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Outdoor Lomography Wall Unveiled

The world’s first permanent wall display of Lomography is erected in Piccadilly Basin.

Written by . Published on July 26th 2012.


Outdoor Lomography Wall Unveiled

A 30 metre long wall of amateur analogue photographs displaying every facet of Manchester life has been unveiled on Tariff Street. You'll find it near the Urban Exchange retail park (the place with the Marks & Spencer Outlet on Great Ancoats Street).

The LomoWall is the first permanent wall of its kind and forms a vague mosaic of an industrial skyline.

The wall is made up of over 1,000 individual photographs of Manchester submitted by 500 fans of the Lomography style of photography. Lomography is apparently 'the celebration of creative and experimental film photography' and has become a global movement. It celebrates its 20th year this year.

Img_5476Manchester LomoWall

Img_5483Lomography ShopThe LomoWall is the first permanent wall of its kind and forms a vague mosaic of an industrial skyline. It is intended as a nod to Manchester’s industrial heritage and was shaped by David Tester of the Lomography shop on Oldham Street. From afar it’s slightly reminiscent of the Factory Records logo. It has been heavily laminated and varnished to protect against weather and graffiti attacks to ensure it remains visible.

The wall includes photos of famous Mancunian landmarks such as the Town Hall, Beetham Tower, Old Trafford and The Etihad stadiums and the now vanished wheel. Alongside these are shots of angry geese, canal boat sunbathers and even some suspicious massage parlours. The photos are grouped together to show the reality of Manchester as captured by Lomograph enthusiasts.

Linda Scott, marketing manager at Lomography UK, said: “Once a textile district, now inhabited by the culturally curious, this is the ‘hip’ part of Manchester city centre. The area is full of design agencies, trendy music venues, bars, cafes, a craft centre and fashion boutiques and is perfectly suited to the dynamic visual delights of a local LomoWall from Lomography.”

The wall was created in three weeks by two Lomography fans, Tom Ambrose a University of Manchester student and Monica Sagar an Arden School of Theatre graduate, along with the UK Lomography team.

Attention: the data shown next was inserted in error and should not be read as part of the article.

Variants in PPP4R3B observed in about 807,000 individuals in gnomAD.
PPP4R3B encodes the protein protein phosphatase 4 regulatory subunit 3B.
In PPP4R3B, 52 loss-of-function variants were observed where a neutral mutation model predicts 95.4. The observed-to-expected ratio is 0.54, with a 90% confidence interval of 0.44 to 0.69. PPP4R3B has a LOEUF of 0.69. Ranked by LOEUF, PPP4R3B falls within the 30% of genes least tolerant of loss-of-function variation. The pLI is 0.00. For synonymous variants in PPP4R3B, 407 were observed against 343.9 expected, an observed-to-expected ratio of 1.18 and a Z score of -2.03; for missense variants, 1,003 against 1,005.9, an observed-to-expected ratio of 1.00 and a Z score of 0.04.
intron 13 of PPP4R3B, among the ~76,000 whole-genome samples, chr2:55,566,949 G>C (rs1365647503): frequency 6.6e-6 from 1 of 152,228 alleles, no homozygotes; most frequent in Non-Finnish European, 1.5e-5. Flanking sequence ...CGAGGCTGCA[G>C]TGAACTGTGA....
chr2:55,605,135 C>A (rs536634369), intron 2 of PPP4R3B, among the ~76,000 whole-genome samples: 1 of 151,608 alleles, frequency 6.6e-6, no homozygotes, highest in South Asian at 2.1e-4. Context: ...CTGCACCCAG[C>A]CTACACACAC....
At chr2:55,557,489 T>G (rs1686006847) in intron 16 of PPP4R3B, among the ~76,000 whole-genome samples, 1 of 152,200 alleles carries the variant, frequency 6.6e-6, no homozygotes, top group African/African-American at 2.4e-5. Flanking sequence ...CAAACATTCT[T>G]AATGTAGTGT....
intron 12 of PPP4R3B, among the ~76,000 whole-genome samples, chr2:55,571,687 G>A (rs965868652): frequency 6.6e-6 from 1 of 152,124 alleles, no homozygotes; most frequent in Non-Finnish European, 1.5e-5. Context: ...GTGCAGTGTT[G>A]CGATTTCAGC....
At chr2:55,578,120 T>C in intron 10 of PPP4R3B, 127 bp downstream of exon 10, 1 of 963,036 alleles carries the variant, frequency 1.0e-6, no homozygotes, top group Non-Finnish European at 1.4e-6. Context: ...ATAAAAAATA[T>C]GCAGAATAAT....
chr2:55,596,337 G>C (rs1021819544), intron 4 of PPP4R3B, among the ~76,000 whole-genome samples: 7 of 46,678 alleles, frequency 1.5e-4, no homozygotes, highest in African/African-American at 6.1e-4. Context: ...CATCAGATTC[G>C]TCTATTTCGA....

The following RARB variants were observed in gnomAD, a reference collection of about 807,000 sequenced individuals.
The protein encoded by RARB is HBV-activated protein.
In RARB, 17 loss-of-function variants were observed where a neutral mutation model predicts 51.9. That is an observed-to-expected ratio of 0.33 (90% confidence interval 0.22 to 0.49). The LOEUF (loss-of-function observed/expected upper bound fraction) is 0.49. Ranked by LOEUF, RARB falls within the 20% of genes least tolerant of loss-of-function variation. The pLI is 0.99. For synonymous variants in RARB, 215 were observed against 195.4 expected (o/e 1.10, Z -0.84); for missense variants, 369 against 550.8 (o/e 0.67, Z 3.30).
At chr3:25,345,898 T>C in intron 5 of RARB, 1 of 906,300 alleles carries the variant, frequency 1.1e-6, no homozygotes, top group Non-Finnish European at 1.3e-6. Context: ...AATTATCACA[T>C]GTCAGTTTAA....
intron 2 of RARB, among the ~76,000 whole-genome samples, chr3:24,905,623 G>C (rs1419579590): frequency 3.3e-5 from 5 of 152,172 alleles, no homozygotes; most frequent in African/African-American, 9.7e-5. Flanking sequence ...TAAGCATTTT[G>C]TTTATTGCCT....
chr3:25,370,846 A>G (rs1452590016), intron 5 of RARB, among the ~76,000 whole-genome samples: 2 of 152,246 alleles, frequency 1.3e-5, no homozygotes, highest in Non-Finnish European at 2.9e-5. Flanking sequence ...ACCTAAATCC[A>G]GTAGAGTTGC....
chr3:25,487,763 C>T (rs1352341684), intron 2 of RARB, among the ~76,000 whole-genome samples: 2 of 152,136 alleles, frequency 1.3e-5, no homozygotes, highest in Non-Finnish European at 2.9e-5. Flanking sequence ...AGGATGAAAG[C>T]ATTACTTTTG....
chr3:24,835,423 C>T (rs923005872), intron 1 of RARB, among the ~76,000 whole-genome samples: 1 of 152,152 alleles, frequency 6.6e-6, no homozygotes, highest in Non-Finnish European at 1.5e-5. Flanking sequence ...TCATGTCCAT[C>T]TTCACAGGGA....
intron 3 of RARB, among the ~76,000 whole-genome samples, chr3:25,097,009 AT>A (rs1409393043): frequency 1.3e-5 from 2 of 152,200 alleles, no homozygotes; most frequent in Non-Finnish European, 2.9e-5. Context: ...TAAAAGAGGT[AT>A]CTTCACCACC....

Img_5479The LomoWall Team

The whole project was put together by hand with each photo vetted to make sure it was related to Manchester only. One sneaky photograph of London Bridge made it through the screening but was discovered as the wall was being constructed.

The idea of displaying the photos side by side on a stretch of wall is to demonstrate that one photographer is not more important than the next. Along with the LomoWall the Atelier [Zero] project are helping to celebrate the 2012 Canal Festival in Piccadilly Basin.

Richard Lewis, property director for Town Centre Securities (TCS) that owns the wall said: “We’re really pleased to be part of this project. The LomoWall creates a fascinating piece of public art which not only enhances the area but helps put Piccadilly Basin on the map. 

"The industrial heritage theme is very fitting and acknowledges the historical importance of this part of the city centre. In recent years TCS has worked hard to transform and regenerate the area, reopening the canal and tow paths, restoring historic mills and building bespoke, design-led new buildings. The LomoWall, along with Atelier [Zero], is creating a destination where people will come to visit and want to work, live and play.”

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8 comments so far, continue the conversation, write a comment.

ShuttyJuly 27th 2012.

What a great project. I love stumbling across things like this. It's a strange location, but that is part of the beauty of this. Well done to all involved. The best urban art since the alien invasion.

Daniel JamesJuly 27th 2012.

It looks wonderful, and living nearby on the marina you great a great (and different) view from a distance.

CharlieJuly 31st 2012.

Great idea David will visit as soon as possible......

AnonymousJuly 31st 2012.

any chance of doing something like this on that bloody awful concrete wall in Picadilly Gardens!

1 Response: Reply To This...
Reader XxxAugust 2nd 2012.

Yes; what a Great Idea Anonymous; there could be 2 displays, on both sides!

Bravo !!!

Ghostly TomAugust 4th 2012.

I've always thought we should get someone like Liam Spencer to do a mosaic in the style of one of his paintings on that wall.

1 Response: Reply To This...
AnonymousAugust 17th 2012.

Leave the pavilion alone! Its the one thing they got right about the revamp of Piccadilly Gardens.

Ghostly TomAugust 24th 2012.

It looks great from above, like from the bar of the Mecure Hotel but looks bad from ground level with all that stained greying concrete. All I was suggesting was a 1st class mosaic to take away the brutalist feel to it. And please get rid of the grass, it's totally in appropriate in such a busy place. Albert Square, St. Ann's Square and Exchange Square are all far more successful with their paved areas shaded by trees for green. Paved, it wouldn't be closed for use as much as it is with the grass. Can I suggest that all those little car parks between China Town and Canal Street be converted into little gardens? Like Sackville Gardens that manages quite nicely in a quieter part of the city centre. Businesses are more likely to move in if they have something more pleasant than a car park to look over.

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